Making Toast the Lean Way

from GBMP (http://www.gbmp.org/)

Learning About Process Improvement

The #1 selling Lean training tool in the world is the Perfect introduction to Continuous Improvement.

Narrated by and featuring Bruce Hamilton, Shingo Prize Recipient and GBMP President, this 27-minute video highlights the seven deadly wastes found in both administrative offices and in manufacturing processes. In this training tool, the process of making toast is used to represent the before condition and the target condition of a manufacturing or transaction-based process and helps your people to identify with the process of Kaizen(small and continuous improvements). Whether you are already on the Continuous Improvement journey or you are just beginning to realize the power of continuous improvement implementation, this video is an essential learning tool for your entire workforce.


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Toyota Production System

The “Thinking” Production System:

TPS as a winning strategy for developing people in the global manufacturing environment

At the 2003 Automotive Parts System Solution Fair held in Tokyo, June 18, 2003, Teruyuki Minoura, Toyota’s an aging director of global purchasing at the time, talked about his experiences with TPS (the Toyota Production System), and what it means for suppliers and for the future of the auto industry.

At the 2003 Automotive Parts System Solution Fair, held in Tokyo, June 18, 2003, Teruyuki Minoura, then-managing director of global purchasing, Toyota Motor Corporation, talked about his experiences with TPS (the Toyota Production System), and what it means for suppliers and for the future of the auto industry.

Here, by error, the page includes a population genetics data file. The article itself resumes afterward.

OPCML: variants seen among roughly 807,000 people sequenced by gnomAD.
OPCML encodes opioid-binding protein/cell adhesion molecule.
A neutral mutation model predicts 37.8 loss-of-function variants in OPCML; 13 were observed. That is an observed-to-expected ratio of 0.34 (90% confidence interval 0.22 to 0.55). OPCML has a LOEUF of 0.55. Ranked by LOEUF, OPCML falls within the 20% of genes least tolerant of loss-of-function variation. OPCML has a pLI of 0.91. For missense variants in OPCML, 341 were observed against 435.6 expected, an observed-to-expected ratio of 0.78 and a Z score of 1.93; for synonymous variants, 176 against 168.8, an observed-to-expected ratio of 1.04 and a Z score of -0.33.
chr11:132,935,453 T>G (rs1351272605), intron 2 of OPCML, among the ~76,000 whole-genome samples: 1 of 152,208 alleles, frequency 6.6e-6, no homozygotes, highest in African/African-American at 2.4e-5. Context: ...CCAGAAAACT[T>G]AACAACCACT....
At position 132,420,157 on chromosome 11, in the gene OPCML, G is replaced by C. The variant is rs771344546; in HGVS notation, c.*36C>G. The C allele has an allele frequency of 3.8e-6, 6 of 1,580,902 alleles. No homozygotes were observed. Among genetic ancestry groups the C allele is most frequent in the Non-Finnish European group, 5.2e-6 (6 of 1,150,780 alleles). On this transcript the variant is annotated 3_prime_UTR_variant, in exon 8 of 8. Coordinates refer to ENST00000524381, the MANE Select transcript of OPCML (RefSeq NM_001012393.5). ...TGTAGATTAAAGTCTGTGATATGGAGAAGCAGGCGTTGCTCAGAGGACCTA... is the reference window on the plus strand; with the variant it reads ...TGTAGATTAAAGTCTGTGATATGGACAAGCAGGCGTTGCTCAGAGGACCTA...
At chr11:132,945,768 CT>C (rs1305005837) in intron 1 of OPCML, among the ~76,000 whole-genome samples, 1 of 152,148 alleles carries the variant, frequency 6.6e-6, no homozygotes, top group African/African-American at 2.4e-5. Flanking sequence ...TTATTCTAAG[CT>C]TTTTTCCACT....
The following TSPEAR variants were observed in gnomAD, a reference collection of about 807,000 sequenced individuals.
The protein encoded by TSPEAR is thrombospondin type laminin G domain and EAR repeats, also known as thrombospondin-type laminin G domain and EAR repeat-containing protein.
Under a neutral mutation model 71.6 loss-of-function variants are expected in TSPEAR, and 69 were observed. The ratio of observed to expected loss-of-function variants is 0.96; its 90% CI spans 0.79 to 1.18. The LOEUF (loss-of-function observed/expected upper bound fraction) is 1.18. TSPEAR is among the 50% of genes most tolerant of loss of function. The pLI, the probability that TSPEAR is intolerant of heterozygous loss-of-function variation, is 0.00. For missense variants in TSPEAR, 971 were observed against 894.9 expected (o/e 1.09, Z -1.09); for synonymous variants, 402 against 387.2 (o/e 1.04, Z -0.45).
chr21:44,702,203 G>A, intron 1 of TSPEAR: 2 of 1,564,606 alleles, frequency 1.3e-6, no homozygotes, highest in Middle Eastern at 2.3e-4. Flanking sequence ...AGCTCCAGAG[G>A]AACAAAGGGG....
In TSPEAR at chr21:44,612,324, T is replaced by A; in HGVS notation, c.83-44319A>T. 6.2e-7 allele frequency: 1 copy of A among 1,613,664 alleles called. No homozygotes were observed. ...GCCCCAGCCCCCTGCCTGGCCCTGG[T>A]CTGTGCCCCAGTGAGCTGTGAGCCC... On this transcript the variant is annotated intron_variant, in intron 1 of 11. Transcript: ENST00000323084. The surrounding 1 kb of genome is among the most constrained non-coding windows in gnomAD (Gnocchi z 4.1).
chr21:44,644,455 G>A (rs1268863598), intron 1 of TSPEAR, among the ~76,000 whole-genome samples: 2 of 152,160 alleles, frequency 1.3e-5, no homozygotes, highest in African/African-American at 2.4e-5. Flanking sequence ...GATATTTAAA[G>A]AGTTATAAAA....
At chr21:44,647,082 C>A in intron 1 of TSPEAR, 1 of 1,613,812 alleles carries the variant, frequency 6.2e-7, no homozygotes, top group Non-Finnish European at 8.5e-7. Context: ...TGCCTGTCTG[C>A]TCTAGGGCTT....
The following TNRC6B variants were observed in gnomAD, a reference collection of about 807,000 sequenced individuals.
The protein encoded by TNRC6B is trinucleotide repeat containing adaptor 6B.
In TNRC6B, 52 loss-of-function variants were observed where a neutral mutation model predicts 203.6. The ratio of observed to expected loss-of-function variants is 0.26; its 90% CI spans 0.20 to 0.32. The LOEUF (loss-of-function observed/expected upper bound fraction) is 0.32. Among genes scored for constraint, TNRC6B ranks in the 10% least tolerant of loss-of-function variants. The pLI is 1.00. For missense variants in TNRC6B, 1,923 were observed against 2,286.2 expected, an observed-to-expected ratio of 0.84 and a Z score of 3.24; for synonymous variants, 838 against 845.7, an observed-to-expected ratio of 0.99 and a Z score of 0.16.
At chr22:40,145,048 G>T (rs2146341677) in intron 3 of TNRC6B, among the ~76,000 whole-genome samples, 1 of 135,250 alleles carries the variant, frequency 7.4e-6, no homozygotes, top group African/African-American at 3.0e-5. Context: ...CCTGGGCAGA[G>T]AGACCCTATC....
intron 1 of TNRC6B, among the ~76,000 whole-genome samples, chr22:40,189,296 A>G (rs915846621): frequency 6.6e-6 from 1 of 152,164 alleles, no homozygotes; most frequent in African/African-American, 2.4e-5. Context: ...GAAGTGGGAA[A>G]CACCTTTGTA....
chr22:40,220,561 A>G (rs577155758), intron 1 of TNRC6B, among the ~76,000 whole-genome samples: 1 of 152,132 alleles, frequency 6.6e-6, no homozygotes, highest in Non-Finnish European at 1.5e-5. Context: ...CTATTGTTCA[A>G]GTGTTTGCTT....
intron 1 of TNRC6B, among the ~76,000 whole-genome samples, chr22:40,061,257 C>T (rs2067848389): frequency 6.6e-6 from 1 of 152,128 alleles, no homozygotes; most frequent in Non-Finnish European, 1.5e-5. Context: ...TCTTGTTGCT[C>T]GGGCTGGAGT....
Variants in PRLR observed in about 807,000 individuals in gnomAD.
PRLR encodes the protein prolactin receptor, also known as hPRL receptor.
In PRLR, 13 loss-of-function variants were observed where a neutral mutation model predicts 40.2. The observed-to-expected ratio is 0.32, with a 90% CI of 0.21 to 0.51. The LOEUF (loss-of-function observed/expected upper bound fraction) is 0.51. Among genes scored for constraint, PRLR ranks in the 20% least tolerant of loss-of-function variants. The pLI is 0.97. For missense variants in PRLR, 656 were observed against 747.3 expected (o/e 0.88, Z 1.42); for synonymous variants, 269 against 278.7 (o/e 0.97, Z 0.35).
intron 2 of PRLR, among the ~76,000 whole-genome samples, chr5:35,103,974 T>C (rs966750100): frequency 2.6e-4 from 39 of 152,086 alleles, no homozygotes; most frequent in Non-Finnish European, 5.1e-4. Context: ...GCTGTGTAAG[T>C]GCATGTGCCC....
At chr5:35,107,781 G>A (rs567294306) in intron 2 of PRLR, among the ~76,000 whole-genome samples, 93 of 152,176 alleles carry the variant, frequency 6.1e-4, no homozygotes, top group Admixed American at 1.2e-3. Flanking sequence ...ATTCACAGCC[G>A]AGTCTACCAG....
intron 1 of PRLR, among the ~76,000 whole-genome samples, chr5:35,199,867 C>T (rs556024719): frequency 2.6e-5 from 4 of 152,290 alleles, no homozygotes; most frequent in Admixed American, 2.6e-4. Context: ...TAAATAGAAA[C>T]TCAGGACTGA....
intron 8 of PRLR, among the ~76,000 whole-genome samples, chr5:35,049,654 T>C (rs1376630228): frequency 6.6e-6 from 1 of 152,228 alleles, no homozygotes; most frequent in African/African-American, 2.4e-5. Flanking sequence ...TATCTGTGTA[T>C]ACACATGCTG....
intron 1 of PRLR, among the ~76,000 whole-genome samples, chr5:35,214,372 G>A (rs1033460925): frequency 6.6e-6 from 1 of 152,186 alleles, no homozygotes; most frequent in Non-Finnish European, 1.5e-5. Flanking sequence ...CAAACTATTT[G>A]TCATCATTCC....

Teruyuki MinouraTeruyuki Minoura is confident that the long-standing principles of the Toyota Production System will not change in the future, and that TPS will be able to meet any challenge. He noted that the system originally emerged through a trial-and-error approach aimed at solving practical problems and meeting the needs of the company. Recalling painful memories of the labor dispute of 1950 that destroyed so many friendships, he observed, “Businesses suffer if efforts are devoted to raising productivity when the products themselves cannot sell.” It was through such experiences, that the basic concept of just-in-time was born.

In simplest terms, Just-in-time is “all about producing only what’s needed and transferring only what’s needed,” says Minoura. Instead of the old top-down “push” system, it represented a change to a “pull” system where workers go and fetch only what is required. Tools, including the kanban (information card), andon (display board), and poka yoke (error prevention) were developed to implement the pull system. But, Minoura warns “simply introducing kanban cards or andon boards doesn’t mean you’ve implemented the Toyota Production System, for they remain nothing more than mere tools. The new information technologies are no exception, and they should also be applied and implemented as tools.”

Early in his career, Minoura worked under Taiichi Ohno, recognized as the creator of the Toyota Production System. Ohno, through tireless trial and error, managed to put into practice a “pull” system that stopped the factory producing unnecessary items. But Minoura observes that it was only by developing this “loose collection of techniques” into a fully-fledged system, dubbed the Toyota Production System or TPS, that they were able to deploy this throughout the company.